#India – Website to help SC/ST students #mustshare


 

RANCHI: To create awareness among SC/ST and OBC students about ongoing scholarship schemes in all the states, as well the Centre, a website (www.scstscholarships.com) was launched by the Aryan group of colleges in the state.

According to the website’s developers, around Rs 6,500 crore is disbursed annually by the Union government to all the states that gets diverted due to lack of awareness the students.

Dr Anshu Kataria, chairman of the Aryan group, said, “The objective behind launching the website is to make the students know about their rights. Due to lack of understanding about the schemes many students fail to avail the benefits of these scholarships.”

He added that there are more than 6 lakh SC/ST students in Bihar and Jharkhand who are ignorant about these government schemes and are not getting their benefits owing to which the funds lapse.

Scholarships are to fund higher studies after Class X. Several of the scholarships come in also for students who want to study abroad.

Kataria said former IPS officer and Team Anna member Kiran Bedi was associated with the Aryan Group of Colleges and she came up with the idea to start this kind of a website that will help students about the schemes.

 

In India – ‘Good girls don’t drink, flirt or party’ #Film #Vaw #moralpolicing


New Documentary Shows That Urban India Blames Women For Crimes Against Them

Mithila Phadke TNN

When filmmaker Padmalatha Ravi decided to make a documentary on society’s perceptions of women, she kept it straightforward. A motley crowd of people—from college students to domestic help—were asked what they thought a “good girl” and a “bad girl” were. “A good girl is supposed to be docile,” says a silverhaired lady. “She wears a dress which covers her wholly.” Two college-going boys giggle and say it’s the front-benchers who are tagged as good. On the other hand, “slut”, “goes to discos” and “flirts with boys” are the primary identifiers for a bad girl.
The 14-minute crowd-sourced venture, titled ‘Good Girls Don’t Dance’, is Bangalore-based Padmalatha’s response to the theme of most drawing-room discussions that follow reports of sexual abuse. Invariably, the argument returns to the same question: what was the girl doing outside at a late hour anyway? “After the Delhi incident, the issue of rape was being spoken about like never before,” she says. “I wanted to look at why women are blamed.” The film was completed earlier this year and has been uploaded online for free viewing.
Through the opinions of students, couples, seniors, and families, a troubling picture emerges. The ideal woman keeps herself covered up lest she “provokes” men, abstains from smoking, drinking and flirting. Not having an opinion of her own is also an asset, says a respondent.
The answers were a revelation, says Padmalatha, especially when people were asked who they would hold responsible in case of a rape. Only a handful said “rapist”. A majority blamed society and women. Aside from illustrating how deep stereotypes run, the documentary also disproves that progressive mindset is synonymous with education and financial wellbeing. “We asked a domestic worker if clothes play a role (in instigating rape), she was clear that a person is free to wear what he or she wants,” says Padmalatha. This was in stark contrast to numerous middle-class respondents who held a woman’s attire culpable, at least in part.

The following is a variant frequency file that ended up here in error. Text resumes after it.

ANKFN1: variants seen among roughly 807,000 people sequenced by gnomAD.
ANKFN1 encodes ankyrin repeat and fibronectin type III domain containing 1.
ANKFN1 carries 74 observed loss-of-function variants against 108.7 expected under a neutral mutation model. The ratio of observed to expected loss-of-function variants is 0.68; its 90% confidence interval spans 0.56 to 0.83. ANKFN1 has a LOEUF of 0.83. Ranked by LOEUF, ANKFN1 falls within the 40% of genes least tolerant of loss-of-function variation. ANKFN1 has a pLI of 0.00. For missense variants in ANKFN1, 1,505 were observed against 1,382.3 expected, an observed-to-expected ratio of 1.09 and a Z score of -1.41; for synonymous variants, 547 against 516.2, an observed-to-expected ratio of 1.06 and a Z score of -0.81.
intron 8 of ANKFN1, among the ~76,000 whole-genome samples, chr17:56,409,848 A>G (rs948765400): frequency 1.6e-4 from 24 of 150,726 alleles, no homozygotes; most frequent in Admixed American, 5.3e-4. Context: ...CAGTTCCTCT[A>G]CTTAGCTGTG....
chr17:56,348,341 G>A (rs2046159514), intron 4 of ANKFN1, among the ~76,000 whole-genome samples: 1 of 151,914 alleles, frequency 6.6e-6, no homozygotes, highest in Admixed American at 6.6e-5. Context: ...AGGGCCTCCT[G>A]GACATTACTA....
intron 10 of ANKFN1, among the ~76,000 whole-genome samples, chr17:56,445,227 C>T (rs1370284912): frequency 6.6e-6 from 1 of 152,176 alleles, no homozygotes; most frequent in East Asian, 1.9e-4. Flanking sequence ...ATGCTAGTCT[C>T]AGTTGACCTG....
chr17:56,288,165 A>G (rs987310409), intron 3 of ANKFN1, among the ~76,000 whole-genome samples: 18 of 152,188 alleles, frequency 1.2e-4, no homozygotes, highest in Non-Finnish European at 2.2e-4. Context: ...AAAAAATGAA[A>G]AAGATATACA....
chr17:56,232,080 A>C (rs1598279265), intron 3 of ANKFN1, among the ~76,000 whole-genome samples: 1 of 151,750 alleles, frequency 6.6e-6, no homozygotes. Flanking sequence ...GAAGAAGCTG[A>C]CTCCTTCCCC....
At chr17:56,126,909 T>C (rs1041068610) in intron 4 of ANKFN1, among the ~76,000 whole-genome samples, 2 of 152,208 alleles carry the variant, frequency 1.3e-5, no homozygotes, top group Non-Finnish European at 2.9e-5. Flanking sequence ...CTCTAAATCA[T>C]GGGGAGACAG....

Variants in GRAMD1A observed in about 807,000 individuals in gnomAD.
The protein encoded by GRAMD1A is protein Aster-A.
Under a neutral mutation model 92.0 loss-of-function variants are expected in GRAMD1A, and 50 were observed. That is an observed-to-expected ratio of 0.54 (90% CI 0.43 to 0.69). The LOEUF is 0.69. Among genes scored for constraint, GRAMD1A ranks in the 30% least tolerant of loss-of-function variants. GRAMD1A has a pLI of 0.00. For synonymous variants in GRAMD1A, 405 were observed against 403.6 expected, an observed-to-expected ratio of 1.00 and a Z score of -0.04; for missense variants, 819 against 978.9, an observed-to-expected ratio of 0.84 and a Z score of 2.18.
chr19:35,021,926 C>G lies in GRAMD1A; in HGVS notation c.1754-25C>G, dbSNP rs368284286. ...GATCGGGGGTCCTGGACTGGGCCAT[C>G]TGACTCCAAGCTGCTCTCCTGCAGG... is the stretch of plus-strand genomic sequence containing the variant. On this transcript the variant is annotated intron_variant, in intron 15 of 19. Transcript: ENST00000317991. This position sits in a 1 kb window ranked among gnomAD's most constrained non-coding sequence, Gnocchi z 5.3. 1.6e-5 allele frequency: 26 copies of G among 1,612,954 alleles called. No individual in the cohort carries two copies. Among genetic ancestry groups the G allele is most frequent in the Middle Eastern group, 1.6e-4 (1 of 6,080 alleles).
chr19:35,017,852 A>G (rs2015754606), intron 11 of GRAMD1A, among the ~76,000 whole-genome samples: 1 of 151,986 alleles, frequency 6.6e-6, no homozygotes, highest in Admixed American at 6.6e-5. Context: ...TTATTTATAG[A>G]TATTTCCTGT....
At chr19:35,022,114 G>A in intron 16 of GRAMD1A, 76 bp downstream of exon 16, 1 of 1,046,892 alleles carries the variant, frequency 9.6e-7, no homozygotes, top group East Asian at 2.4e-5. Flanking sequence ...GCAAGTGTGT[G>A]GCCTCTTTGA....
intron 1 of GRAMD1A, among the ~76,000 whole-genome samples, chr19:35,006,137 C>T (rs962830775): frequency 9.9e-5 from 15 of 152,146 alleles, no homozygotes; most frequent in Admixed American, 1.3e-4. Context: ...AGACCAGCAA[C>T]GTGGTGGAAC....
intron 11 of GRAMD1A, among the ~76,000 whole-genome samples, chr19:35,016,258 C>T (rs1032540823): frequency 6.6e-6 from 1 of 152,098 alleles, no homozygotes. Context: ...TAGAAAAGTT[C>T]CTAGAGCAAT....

Mumbai-based filmmaker Paromita Vohra came across a similar mindset among the middleclass while filming the 2002-documentary ‘Unlimited Girls’. “Sometimes, women who had the chance to experience freedom were the ones least able to recognise that it came from a long legacy of people working for them,” says Vohra. The idea of freedom, as something to be protected, nurtured and recreated for the next generation was shrugged off, or made respondents uncomfortable. Both ‘Unlimited Girls’ and Padmalatha’s film look at how women navigate the urban jungle.
Another film that explores the same idea is ‘Mera Apna Sheher’, by Sameera Jain. Set in New Delhi, the documentary looks at how women are expected to negotiate public spaces. It had college lecturer Komita Dhanda being filmed by a hidden camera as she spends time at a park, a street corner and a paan shop. The camera records the reactions of men to her presence, ranging from confusion to lechery. “It’s something that happens around us every day,” says Jain. Only by choosing to record it does the indignity women face become a subject of debate.
However, the filmmakers have no illusion about their works offering quick solutions. “We are trying to start a conversation on a subject that people are hesitant to talk about,” says Padmalatha. After her film’s first screening in Bangalore, an elderly viewer argued for stringent punishment to keep men in line. A 16-year-old girl stepped in and asked him why there shouldn’t be a balanced approach to solve the problem. That a documentary can spark such debates is what the makers hope for, says Padmalatha.

SEX AND THE CITY: While a domestic worker (left) said people have the right to wear what they want to, students and couples who were interviewed felt that women needed to be covered up; Contemporary dancer Shabari (right) in a shot from the film

 

Professor’s casteist remark invites SC panel wrath


, TNN | Apr 20, 2013,

AMRITSAR: An assistant professor of Patiala‘s government medical college (GMC) is in the soup for allegedly passing casteist remarks against an MBBS student in a classroom.Turning the heat on the professor, the SC/ST commission on Friday asked the Patiala police to register a case against him.